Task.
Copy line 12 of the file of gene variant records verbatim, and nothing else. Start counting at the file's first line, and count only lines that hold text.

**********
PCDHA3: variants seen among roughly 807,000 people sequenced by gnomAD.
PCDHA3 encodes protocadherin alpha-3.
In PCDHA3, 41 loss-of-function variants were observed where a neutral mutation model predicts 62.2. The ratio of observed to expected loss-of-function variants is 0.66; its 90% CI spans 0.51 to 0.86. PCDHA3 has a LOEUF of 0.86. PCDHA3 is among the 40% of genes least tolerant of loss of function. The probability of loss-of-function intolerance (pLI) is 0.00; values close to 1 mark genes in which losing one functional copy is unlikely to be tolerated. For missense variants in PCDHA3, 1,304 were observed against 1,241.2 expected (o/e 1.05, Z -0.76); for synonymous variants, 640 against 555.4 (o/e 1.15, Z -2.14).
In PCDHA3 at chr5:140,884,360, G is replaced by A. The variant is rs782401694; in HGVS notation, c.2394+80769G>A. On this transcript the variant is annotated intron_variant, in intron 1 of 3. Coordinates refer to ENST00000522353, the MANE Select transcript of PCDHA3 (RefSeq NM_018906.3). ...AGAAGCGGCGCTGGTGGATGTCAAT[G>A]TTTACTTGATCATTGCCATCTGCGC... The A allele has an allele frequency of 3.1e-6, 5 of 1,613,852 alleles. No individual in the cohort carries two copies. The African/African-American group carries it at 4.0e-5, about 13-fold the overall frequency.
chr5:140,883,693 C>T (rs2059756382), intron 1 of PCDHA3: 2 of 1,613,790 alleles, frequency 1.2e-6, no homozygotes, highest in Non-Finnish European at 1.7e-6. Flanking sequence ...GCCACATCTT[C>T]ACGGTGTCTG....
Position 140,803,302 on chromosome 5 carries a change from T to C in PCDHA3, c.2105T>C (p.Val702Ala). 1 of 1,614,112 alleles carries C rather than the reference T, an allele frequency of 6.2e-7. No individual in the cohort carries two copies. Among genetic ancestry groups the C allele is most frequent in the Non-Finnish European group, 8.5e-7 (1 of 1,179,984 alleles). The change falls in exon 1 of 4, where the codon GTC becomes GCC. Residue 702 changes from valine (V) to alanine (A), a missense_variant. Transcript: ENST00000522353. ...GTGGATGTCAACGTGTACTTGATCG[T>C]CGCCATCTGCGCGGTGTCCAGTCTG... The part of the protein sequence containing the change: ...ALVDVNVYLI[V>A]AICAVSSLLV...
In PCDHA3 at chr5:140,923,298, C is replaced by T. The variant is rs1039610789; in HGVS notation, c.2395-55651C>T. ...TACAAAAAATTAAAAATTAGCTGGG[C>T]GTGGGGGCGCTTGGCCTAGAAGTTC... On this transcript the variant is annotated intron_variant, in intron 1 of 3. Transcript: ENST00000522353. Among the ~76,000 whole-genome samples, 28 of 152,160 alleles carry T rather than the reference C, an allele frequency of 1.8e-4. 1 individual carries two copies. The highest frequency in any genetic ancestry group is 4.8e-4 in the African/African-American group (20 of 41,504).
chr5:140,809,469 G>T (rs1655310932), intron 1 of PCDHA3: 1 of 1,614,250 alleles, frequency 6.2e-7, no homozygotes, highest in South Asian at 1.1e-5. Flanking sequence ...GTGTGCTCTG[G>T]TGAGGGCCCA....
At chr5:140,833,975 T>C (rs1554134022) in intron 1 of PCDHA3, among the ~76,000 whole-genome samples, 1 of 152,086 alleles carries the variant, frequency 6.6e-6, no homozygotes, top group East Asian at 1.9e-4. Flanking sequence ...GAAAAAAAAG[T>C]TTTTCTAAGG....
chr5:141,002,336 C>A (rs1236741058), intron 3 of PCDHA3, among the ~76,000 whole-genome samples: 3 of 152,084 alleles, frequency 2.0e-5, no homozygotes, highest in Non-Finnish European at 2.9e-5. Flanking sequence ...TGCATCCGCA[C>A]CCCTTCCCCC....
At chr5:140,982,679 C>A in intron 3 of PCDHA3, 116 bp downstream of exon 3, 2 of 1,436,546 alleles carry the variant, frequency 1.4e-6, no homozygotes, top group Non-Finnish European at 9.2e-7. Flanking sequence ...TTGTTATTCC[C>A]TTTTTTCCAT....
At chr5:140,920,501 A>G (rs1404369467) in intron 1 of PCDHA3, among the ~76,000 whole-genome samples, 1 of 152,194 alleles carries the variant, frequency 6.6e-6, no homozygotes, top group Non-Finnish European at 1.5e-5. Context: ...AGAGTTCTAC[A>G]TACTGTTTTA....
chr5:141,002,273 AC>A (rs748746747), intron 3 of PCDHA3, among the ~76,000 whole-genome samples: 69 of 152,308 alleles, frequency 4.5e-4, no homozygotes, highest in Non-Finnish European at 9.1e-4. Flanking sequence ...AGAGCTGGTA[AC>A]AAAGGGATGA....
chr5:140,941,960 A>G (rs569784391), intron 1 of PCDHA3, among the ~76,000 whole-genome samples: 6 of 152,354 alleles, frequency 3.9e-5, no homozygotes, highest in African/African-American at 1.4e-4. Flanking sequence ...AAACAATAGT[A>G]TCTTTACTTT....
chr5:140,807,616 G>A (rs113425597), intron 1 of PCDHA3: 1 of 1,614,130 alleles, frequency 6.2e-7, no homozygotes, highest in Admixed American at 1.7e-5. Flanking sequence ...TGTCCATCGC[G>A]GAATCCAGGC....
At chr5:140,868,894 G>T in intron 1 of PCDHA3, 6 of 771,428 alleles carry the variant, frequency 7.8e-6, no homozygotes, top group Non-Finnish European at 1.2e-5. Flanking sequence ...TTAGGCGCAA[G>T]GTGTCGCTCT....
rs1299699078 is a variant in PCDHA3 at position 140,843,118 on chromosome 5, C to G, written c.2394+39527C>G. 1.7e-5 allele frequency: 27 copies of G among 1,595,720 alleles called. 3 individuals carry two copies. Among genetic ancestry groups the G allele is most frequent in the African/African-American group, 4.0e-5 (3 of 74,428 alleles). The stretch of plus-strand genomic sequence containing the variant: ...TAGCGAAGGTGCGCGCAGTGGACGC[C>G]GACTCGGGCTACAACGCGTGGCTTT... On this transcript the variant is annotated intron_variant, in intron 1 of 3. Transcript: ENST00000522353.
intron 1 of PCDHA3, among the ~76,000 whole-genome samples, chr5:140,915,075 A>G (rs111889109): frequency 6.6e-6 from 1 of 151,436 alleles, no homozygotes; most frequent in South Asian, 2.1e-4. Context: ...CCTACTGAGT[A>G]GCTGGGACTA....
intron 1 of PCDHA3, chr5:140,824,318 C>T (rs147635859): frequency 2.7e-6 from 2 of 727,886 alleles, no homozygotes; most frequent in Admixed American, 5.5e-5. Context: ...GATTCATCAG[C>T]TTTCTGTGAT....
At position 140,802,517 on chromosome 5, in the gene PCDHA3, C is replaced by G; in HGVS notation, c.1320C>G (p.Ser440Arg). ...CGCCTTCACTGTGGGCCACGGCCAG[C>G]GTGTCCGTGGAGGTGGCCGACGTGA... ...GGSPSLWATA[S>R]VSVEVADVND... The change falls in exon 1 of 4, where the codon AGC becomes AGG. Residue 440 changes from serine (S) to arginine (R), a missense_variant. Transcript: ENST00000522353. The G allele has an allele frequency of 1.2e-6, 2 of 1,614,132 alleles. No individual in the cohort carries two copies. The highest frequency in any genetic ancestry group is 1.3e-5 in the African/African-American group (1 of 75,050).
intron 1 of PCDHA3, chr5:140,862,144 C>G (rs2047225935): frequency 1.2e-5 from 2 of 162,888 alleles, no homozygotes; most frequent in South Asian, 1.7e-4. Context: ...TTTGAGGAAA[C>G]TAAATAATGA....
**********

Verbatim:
At chr5:140,920,501 A>G (rs1404369467) in intron 1 of PCDHA3, among the ~76,000 whole-genome samples, 1 of 152,194 alleles carries the variant, frequency 6.6e-6, no homozygotes, top group Non-Finnish European at 1.5e-5. Context: ...AGAGTTCTAC[A>G]TACTGTTTTA....